From COPD Canada:
Spiriva and Glaucoma
This may be outside of your area of expertise so if you can’t help me I understand.
I went to see an ophthalmologist for my yearly checkup and was advised the pressure in my right eye was high and was informed it was a sign of glaucoma. I am currently taking Spiriva and Symbicort. I have been taking the Spiriva for a few years although only at times when I felt my breathing would benefit from it. I have moderate COPD but don’t really notice much of a benefit from inhalers so don’t take them on a regular basis. I was also given Symbicort in early October and took it until my PFT on Oct 19. The Ophthalmologist thought it was likely the Symbicort that has led to the Glaucoma. When I questioned him about whether quitting taking Symbicort would allow the pressure in my eye to return to normal he said it isn’t likely as the changes caused by the steroids are usually permanent. I wasn’t on the Symbicort very long and wondered if it is likely that the Symbicort would be responsible for the Glaucoma? I have also read that Spiriva can either lead to Glaucoma or exacerbate it so wondered which is the more likely cause of the Glaucoma and if I stopped taking the Spiriva would the Glaucoma reverse itself, or would the pressure in the eyes go back to normal thus eliminating the need for the eye drops (Travatan) that were prescribed for the Glaucoma?
It seems the Travatan I have for the Glaucoma can worsen COPD, and the medication for COPD can cause or worsen Glaucoma, so am not sure what to do or what to take. I certainly don’t want my eye sight to get worse nor do I want my COPD to get worse.
Thank you, Don
Your suspicion about Spiriva is correct. Between the two medications, spiriva is specifically suggested as potentially worsening "narrow-angle" glaucoma. So, you need to find out if your glaucoma is of the "narrow-angle" type. If it is, then Spiriva will potentially make it worse. In that case, your best bet is to either try Ipratropium bromide which has a much shorter length of activity AND will not likely aggravate the glaucoma as would Spiriva. Yet, even Ipratropium Bromide CAN cause narrow angle glaucoma to worsen. That said, I would suggest that if you haven't been taking the Spiriva on a daily basis AND over a reasonable period of time, it may not be the problem as perceived, either.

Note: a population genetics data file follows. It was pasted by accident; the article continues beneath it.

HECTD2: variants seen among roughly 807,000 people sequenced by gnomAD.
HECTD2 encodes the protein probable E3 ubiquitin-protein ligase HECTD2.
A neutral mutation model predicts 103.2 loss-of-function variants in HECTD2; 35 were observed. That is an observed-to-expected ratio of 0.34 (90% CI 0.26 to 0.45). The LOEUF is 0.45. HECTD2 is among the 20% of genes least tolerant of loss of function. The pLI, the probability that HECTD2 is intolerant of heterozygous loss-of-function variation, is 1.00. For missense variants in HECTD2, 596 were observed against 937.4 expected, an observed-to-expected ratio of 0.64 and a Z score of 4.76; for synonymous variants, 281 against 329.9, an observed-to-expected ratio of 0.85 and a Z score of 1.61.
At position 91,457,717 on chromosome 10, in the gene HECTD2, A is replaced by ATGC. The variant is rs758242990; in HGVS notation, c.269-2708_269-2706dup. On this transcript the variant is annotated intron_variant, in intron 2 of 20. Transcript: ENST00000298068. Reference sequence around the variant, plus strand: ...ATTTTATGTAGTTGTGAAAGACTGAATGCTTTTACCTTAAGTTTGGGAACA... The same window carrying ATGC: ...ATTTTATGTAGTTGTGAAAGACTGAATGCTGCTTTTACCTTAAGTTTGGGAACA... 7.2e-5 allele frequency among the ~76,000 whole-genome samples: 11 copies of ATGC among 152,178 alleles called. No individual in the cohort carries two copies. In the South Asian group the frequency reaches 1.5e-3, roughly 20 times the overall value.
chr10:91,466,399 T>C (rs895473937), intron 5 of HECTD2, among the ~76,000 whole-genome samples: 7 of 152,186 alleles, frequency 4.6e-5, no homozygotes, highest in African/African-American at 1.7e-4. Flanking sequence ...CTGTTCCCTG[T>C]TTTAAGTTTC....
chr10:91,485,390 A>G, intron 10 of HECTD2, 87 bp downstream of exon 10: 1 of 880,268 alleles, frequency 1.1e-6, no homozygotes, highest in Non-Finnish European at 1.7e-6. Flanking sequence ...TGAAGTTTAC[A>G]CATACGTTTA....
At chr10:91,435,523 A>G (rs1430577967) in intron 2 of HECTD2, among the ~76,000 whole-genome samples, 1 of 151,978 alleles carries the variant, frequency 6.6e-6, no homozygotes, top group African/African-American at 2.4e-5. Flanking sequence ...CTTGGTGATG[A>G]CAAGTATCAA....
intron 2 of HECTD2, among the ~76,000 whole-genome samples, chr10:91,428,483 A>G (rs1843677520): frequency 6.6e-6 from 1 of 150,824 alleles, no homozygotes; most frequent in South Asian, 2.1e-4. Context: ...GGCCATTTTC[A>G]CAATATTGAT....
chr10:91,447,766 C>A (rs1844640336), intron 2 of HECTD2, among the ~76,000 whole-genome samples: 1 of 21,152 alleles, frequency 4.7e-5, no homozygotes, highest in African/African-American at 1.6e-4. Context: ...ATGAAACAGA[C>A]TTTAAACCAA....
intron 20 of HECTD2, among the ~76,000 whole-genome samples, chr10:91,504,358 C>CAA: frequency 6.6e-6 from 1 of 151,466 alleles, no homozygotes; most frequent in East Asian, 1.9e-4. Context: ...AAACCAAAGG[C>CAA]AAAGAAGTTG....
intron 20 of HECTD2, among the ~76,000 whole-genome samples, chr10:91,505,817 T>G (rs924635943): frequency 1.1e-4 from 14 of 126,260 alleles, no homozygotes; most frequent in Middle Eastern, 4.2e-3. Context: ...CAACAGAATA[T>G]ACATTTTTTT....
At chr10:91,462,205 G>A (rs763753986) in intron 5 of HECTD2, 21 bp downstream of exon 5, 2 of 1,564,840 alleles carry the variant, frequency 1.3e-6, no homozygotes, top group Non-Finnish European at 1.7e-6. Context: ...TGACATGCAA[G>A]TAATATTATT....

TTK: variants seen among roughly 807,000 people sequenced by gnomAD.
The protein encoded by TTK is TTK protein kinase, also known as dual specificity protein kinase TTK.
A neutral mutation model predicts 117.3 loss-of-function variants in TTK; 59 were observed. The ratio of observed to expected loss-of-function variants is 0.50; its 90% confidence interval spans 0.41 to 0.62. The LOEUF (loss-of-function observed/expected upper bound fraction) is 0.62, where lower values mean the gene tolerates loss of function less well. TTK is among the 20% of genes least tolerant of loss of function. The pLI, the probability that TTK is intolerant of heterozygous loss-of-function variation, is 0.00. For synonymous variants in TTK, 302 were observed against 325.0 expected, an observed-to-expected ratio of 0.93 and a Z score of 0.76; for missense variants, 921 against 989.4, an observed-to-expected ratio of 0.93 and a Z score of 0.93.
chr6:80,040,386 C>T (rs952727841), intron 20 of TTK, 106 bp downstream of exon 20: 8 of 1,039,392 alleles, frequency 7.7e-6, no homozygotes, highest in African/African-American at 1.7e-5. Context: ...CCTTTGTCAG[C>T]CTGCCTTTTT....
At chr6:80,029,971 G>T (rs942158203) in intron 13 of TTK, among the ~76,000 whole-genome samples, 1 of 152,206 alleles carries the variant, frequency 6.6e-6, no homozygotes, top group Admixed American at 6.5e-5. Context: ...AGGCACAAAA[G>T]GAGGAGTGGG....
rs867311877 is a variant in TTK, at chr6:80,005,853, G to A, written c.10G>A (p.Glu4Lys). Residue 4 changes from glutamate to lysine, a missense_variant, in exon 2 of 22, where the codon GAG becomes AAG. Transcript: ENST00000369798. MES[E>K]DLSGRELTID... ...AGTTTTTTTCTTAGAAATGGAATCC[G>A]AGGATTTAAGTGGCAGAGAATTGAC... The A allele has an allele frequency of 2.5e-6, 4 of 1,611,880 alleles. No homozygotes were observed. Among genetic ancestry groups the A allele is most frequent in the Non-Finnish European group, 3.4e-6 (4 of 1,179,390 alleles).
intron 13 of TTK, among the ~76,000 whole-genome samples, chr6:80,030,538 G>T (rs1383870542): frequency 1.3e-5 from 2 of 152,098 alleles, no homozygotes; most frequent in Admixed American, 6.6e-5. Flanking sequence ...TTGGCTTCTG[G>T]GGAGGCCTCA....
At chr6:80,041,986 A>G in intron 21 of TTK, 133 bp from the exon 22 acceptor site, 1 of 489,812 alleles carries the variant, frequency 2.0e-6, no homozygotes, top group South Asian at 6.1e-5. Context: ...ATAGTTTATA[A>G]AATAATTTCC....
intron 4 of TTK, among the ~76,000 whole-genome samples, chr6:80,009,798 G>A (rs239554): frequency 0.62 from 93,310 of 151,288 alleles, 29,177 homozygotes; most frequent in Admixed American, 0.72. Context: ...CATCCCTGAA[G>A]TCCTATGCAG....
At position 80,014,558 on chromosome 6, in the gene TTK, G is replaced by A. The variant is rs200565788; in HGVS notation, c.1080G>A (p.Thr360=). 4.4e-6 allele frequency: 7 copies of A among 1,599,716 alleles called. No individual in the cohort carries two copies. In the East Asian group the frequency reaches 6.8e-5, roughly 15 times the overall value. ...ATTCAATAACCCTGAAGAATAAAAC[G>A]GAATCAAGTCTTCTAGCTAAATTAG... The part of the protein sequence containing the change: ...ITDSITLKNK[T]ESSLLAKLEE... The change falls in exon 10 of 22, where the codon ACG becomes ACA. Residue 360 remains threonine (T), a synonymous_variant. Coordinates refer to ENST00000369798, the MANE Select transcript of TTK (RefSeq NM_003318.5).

Both Formoterol and Spiriva (Tiotropium boromide) should be taken on a daily basis as "maintenance" medications, whether or not you "feel" any significant improvement. Tiotropium's benefit is subtle and usually only measurable on a PFT after 6 months to a year of daily use. What folks DO notice is that daily activities - especially those which require a fair amount of wind power - get easier to do over time while taking Spiriva on a daily basis.
The Symbicort does not contain enough steroid to cause significant problems with your eyes - at least that is the case with most folks. Yet, your doctor can write you a prescription for Formoterol, by itself and eliminate the steroid.
In any case, neither medication is effective beyond a minimal amount if not taken on a daily basis. "Spot treatment" when you "think" you need them is not an effective or advisable method to use. So, I would encourage you to give a trial of taking those medications EVERY day for several months before judging whether or not they are helpful. At the same time, if your glaucoma is narrow angle, you should consider stopping the Spiriva and maybe also changing to Formoterol, alone.
MarkMangus, Sr. BSRC, RRT, RPFT, FAARC